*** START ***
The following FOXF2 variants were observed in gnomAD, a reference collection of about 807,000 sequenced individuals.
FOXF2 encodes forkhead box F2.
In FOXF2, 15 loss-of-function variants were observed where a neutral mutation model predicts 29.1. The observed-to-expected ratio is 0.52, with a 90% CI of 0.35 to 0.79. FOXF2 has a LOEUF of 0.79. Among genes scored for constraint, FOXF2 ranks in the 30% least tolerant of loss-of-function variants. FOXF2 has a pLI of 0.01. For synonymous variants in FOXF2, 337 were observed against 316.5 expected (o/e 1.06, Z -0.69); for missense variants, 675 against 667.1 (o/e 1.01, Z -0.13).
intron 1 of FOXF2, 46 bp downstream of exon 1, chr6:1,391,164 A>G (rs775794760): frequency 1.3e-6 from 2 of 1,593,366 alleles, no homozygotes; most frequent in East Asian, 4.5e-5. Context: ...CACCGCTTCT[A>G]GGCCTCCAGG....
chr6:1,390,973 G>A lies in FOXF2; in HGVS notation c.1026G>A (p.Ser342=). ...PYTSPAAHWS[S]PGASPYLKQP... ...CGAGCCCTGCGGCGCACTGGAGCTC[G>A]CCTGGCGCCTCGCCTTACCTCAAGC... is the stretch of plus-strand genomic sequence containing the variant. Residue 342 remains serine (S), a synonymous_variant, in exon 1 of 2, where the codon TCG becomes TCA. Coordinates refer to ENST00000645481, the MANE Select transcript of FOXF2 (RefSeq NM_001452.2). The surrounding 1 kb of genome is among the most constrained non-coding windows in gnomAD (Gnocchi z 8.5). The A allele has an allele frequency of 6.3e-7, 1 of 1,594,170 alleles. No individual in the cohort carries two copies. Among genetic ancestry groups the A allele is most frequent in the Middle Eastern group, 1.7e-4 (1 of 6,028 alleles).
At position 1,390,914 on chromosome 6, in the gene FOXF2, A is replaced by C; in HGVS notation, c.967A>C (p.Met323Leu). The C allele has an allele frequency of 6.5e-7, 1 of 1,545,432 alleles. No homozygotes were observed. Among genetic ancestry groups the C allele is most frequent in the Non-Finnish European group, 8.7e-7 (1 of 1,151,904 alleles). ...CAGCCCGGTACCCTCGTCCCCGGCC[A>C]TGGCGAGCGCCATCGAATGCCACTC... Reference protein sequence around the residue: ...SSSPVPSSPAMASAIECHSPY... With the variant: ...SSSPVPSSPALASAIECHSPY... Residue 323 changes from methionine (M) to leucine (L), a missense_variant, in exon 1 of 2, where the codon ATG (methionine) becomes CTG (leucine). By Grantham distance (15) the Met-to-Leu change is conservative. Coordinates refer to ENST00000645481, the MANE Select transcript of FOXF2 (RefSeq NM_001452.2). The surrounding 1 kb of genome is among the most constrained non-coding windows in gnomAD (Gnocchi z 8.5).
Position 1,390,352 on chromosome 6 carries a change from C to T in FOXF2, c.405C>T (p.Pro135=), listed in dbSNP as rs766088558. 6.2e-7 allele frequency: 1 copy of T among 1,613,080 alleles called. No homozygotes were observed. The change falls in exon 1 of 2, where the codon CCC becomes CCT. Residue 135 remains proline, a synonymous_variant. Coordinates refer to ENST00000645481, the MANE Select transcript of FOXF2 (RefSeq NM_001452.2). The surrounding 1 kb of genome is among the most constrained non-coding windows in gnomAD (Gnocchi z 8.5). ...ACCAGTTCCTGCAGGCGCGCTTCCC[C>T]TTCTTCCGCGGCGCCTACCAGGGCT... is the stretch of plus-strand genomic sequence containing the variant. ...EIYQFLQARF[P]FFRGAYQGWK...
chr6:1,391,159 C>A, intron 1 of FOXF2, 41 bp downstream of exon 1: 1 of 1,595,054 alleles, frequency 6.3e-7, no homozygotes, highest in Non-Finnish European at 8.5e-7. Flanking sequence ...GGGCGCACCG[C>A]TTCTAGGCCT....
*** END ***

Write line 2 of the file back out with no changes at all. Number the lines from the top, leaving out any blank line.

FOXF2 encodes forkhead box F2.